Life of a Rooster

Memoirs of a psychiatrist, journalist and educator

The Holy Land

on November 29, 2013

From Beirut, Lebanon, Papa then flew us to Amman, the capital of Jordan. This was the gateway to a tour of the Holy Land. In 1964, prior to the 1967 war, it was an easy drive. The embassy staff in Amman helped Papa get us tour tickets and off we went.

reading paper in dead sea

First stop, the Dead Sea. It did not look particularly pretty, not like the Mediterranean, but Papa told us that this was a very special sea. It was so salty that you could float in it and have your breakfast coffee and read the newspaper, all this without sinking. I wondered whether we were going to try it, but no. We took pictures and went on.

Then, on to Jerusalem. We visited the Dome of the Rock and now, for the first time in my life, I saw my father pray. I was mesmerized. I saw other people scattered throughout the mosque doing the same movements, standing, bowing, kneeling, prostrating… I pulled Mama’s sleeve. “Mama, Mama, what is Papa doing?” Mama tried to shush me, but I would not. “What is Papa doing?” Finally, Mama gave in, and in a whisper, she said, “He is praying.”

Praying? In all my books, which were French and described Catholic life, people knelt down by their bedside, joined their hands together, and talked to God. Was this then praying too? How? My whole world was turning upside down.

Mama had mentioned to us once before, in Paris, very solemnly, that we were Muslims. “What does that mean?” I asked. “You just need to know that you are a Muslim, that’s all.” Well, that certainly did not help at all. I mulled the statement in my head. “Is Francoise a Muslim? — No.” All right, so maybe that meant something like a Chinese. “Is Amy a Muslim? — No.”  That narrowed the field down considerably. So maybe it meant something like a family or a tribe. “Is Aunt Lily a Muslim? — No.”  I could not anymore fathom what that could possibly mean, then.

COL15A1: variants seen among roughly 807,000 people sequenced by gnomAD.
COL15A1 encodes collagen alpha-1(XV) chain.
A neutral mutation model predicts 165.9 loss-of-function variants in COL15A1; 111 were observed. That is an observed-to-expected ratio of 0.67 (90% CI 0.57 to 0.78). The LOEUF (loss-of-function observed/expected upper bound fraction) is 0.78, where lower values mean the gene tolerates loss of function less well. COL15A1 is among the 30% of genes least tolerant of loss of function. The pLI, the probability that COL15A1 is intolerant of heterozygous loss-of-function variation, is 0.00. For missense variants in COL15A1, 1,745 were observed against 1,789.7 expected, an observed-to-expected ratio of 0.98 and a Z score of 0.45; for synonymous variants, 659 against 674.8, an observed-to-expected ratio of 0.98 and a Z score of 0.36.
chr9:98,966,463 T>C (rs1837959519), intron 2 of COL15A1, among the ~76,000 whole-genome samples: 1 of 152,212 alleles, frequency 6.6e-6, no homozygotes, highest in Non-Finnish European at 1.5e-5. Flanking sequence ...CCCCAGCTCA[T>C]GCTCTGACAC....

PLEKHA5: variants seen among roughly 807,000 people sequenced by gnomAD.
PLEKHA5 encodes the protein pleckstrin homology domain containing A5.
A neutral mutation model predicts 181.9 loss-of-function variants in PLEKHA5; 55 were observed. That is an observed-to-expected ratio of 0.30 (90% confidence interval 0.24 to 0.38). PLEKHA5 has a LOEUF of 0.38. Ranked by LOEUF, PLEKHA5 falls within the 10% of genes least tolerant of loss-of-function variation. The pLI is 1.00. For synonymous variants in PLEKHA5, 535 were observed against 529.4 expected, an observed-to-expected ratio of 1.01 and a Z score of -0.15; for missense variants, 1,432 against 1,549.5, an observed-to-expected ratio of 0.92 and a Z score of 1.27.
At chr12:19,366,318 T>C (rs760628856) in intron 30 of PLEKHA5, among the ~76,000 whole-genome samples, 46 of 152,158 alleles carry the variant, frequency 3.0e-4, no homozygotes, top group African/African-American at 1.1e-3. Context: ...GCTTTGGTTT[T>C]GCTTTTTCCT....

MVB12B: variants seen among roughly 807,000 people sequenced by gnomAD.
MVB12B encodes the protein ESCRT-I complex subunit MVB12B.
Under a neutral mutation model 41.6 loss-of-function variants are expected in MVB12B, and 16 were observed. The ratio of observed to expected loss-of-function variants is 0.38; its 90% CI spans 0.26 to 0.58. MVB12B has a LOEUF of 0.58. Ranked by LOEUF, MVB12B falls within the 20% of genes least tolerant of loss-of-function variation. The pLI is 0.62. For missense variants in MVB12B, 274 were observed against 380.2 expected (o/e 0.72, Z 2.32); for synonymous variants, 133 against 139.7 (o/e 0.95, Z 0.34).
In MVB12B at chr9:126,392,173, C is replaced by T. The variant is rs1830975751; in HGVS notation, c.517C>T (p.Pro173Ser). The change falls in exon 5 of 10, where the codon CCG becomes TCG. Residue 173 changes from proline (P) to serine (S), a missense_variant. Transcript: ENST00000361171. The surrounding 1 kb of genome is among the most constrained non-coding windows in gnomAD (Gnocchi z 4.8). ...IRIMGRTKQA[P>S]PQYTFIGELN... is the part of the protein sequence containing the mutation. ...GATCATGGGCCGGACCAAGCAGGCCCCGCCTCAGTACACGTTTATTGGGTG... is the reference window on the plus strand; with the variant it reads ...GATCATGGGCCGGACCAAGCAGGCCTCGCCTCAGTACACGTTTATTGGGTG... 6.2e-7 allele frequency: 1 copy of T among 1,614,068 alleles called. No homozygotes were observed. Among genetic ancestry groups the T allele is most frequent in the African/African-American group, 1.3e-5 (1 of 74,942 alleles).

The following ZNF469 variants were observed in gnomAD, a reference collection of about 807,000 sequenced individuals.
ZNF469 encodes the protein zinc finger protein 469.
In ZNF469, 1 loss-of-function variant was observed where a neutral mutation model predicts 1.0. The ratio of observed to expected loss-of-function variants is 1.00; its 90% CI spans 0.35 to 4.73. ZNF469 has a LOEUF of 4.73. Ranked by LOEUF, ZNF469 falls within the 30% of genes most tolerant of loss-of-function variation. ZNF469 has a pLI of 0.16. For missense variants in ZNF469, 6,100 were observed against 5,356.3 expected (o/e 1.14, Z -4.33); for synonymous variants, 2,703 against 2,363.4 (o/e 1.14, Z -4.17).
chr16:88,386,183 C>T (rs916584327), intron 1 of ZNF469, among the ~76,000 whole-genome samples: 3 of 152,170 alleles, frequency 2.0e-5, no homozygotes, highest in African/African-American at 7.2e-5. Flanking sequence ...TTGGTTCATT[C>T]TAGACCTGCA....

Now, in Jerusalem, the whole matter resurfaced. “This is how Muslims pray,” stated Mama. I am not sure what it was I felt then. I had just discovered that I belonged to a group of alien beings, and that we prayed in a very strange way.

dome of the rock

In Bethlehem, we followed the trail of Jesus’ life, with a tour guide. We walked on a street –known as the Via Dolorosa —  that climbed up a small hill, and was bordered with shops, hawkers, foods, smells, smoke, talk, and noise. A regular market place. We would stop now and then and the guide would describe what happened there. Thinking back, he must have been speaking in French, because I understood what he was saying. “Here, Jesus fell for the first time… Here, Jesus fell for the second time…”  He was a big guy with a fat belly. And somehow, he mistook me for Jesus. He would stick my head in a stone niche in the wall, and pretend to spank me on the behind. “Here, this is what they did to Jesus, this way.” After a while, I had enough of being beaten, dragged, whipped, etc. Not for real, but it wasn’t a pleasant thought.

via dolorosa in jerusalem

Then we reached the top of a hill. Inside a building, he showed us a cemented square on the floor, in which there was some vague pattern. The guide said this was the foot print of Jesus as he was raised to Heaven. Really? It looked much too small to be an adult footprint! I hovered my foot above it, to gauge its size. Swish! The guide sharply pulled me away, with an angry shout. Such a holy relic. How dare I put my foot where Jesus’ foot trod! Now, all of a sudden, I was not used as a model of Jesus any more. Anyway, I was not going to step on it, just hover above it… But, as usual, as a good little girl, I kept quiet.



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